A Lesson From An Empire In Decline On How Not To Manage Alien Populations

Thursday, November 19, 2015
Poster Collection, IT 295, Hoover Institution Archives.
Image credit: 
Poster Collection, IT 295, Hoover Institution Archives.

Poster Collection, IT 295, Hoover Institution Archives.
Image credit: 
Poster Collection, IT 295, Hoover Institution Archives.

In November of AD 386, the Roman Army of the lower Danube tricked a horde of Ostrogoths into an attempt to cross the river with some 3,000 canoes before it froze. That stratagem deprived the Germanic world’s massed military might of an opportunity to force its way across and resulted in the slaughter of thousands of Goths. But though the emperor Theodosius’ army had re-established its capability to control the border, he decided nonetheless to resettle the surviving Goths on Roman lands. The reasoning behind that decision, and the results thereof, should be of interest to us now.

In November 2015, as millions from the Middle East and Africa—mostly Muslims—press upon Europe’s borders to settle therein or to move on to America and the rest of the Western world, the West is divided on the question: “Shall we let them live among us?” Western peoples, sensing dire consequences, are increasingly opposed. The West’s ruling class favors accepting them and subsidizing them, citing arguments that were current almost two millennia ago.

Then too, Edward Gibbon tells us, while the people “loudly censured” settling the fierce Goths nearby, the emperor argued that “it was impossible to extirpate so many fierce tribes,” that sincere friendship for the Goths was the surest guarantee of peace, and that the Goths were needed to cultivate empty lands. Romans were not reproducing, and the empire’s ceaseless civil wars had taken their toll.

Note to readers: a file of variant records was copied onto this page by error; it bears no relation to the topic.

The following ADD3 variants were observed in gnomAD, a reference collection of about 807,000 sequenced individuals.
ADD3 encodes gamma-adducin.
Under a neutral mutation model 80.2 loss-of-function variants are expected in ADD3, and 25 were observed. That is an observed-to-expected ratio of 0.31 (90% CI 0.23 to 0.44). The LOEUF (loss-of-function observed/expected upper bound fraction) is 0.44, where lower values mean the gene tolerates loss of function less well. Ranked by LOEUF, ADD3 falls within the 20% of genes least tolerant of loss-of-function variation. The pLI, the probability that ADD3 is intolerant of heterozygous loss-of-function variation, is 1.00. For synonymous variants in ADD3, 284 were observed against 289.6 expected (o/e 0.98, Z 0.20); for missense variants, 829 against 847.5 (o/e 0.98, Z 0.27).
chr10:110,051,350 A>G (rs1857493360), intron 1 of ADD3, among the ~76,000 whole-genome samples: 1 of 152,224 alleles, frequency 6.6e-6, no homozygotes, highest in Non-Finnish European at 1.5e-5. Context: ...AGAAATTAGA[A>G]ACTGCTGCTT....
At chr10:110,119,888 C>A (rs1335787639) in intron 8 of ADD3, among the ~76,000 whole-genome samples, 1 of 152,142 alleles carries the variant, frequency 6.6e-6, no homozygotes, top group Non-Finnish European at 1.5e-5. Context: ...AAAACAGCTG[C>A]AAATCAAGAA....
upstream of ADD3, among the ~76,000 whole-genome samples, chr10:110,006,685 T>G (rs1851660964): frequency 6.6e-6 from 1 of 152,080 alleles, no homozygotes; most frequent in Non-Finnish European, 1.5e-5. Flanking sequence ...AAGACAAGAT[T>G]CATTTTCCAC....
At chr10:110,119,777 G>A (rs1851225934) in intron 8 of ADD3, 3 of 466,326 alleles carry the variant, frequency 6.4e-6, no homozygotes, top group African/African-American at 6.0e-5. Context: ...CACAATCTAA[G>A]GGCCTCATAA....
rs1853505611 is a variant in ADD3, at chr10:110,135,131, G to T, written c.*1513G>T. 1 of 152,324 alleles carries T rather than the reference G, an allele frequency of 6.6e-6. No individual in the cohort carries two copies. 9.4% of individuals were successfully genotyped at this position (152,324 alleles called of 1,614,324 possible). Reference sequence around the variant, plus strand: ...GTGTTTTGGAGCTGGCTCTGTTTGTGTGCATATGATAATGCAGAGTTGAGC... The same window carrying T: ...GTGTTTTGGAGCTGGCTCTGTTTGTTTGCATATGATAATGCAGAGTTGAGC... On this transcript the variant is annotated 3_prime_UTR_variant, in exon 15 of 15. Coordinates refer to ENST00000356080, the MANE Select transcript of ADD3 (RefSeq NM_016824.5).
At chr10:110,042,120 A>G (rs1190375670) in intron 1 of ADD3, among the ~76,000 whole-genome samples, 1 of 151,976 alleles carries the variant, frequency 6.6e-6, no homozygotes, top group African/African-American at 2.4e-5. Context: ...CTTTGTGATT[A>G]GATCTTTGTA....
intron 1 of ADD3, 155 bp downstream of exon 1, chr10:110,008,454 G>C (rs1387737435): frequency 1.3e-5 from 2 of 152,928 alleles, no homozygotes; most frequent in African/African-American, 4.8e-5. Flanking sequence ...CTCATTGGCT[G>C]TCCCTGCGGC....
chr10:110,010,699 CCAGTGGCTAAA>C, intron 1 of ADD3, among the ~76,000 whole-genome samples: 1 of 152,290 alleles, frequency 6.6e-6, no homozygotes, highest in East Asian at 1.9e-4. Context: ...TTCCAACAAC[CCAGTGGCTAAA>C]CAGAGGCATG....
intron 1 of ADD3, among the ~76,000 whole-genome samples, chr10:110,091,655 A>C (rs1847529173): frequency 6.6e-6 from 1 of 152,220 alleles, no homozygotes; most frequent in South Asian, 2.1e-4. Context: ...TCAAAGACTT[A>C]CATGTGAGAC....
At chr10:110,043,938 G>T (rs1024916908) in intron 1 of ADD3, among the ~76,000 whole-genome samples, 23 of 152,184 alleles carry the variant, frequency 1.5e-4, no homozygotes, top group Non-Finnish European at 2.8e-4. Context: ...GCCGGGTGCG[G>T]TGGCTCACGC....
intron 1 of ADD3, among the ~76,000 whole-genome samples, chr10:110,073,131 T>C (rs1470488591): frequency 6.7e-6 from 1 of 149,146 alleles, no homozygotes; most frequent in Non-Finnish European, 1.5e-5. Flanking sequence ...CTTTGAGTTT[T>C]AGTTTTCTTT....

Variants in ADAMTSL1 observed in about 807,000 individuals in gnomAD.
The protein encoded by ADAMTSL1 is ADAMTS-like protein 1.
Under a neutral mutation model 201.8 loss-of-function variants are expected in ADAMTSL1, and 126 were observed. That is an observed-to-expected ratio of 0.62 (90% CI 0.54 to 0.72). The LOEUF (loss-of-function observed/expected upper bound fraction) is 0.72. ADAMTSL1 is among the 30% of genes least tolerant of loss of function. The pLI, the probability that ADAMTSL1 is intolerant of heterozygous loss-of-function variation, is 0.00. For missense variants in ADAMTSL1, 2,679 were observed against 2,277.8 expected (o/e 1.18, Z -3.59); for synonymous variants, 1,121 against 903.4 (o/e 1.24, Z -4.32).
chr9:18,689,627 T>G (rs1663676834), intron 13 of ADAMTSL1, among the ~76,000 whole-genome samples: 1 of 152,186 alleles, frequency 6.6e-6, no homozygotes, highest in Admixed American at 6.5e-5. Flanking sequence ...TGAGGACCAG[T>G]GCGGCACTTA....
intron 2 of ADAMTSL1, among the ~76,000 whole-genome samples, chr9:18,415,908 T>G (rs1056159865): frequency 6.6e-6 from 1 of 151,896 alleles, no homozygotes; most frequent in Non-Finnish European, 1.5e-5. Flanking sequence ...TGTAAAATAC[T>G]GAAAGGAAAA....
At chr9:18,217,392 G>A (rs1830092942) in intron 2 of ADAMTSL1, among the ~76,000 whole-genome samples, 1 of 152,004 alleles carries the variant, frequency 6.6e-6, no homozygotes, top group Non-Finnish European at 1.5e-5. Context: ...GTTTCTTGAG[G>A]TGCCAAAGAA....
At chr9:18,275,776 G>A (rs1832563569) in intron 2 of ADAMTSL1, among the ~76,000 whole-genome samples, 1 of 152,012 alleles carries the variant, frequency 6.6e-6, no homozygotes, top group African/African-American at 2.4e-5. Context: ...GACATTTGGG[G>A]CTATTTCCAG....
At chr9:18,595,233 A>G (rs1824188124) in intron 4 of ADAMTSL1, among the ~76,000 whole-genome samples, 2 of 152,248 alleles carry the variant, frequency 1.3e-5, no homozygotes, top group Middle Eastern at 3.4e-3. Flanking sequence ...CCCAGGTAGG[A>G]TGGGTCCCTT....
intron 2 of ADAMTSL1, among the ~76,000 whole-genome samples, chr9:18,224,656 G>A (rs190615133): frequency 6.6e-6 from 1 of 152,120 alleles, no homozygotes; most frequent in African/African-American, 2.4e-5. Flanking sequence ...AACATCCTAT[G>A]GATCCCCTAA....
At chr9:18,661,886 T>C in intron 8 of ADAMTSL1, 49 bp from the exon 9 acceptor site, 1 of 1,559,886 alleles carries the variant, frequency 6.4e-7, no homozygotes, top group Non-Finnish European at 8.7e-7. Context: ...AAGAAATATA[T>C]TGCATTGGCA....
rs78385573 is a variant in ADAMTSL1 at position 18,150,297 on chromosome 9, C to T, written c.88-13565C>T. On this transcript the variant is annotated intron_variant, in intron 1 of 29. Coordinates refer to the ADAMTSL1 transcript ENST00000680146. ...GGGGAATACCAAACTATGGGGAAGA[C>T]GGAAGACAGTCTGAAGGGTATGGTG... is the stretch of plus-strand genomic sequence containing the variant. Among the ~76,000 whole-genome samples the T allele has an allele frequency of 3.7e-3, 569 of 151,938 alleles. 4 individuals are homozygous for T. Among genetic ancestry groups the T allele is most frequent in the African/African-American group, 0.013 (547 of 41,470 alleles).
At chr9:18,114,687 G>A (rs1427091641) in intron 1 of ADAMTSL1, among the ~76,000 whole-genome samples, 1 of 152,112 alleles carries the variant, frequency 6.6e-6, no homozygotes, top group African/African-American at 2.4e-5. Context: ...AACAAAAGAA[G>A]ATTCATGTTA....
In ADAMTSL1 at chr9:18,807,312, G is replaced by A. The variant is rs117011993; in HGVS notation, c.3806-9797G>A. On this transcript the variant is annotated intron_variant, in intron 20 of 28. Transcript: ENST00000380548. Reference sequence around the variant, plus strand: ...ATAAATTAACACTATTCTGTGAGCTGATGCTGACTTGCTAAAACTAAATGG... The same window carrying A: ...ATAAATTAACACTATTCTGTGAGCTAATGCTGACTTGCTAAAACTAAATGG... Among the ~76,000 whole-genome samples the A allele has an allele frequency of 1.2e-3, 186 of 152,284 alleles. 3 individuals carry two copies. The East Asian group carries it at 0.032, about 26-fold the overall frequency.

Gibbon writes that the Goths’ “immediate wants were supplied by a distribution of corn and cattle, and their future industry was encouraged by an exemption from tribute for a number of years.” He fully expected them to integrate. The Goths, however, had no intention of becoming Romans, and asserted their independence by requiring and obtaining “the sole possession of the villages and districts assigned for their residence; they still cherished and propagated their native manners and languages.” Since they continued to live under their own laws and rulers, their submission to the Roman Empire was an empty formality.

The empire thought to bind the Goths to itself by taking their best fighters and forming them into a disciplined Roman legion. Gibbon tells us that these foederati were distinguished by “their gold collars, liberal pay, and licentious privileges.” Their centurions were Goths too. Most important, so was their loyalty. According to Gibbon, dependence on wholly foreign legions, “finally extinguished in the minds of the Romans the last sparks of the military flame.” In other words, the Imperial class disempowered the people’s capacity to defend themselves.

The Goths took advantage of their privileged status, expressing their contempt for Roman citizens, whom they “insulted with impunity.” Within a decade, the Goths openly revolted from Rome. In AD 410 they sacked the city. The Western empire was gone. Its people would survive as best they could.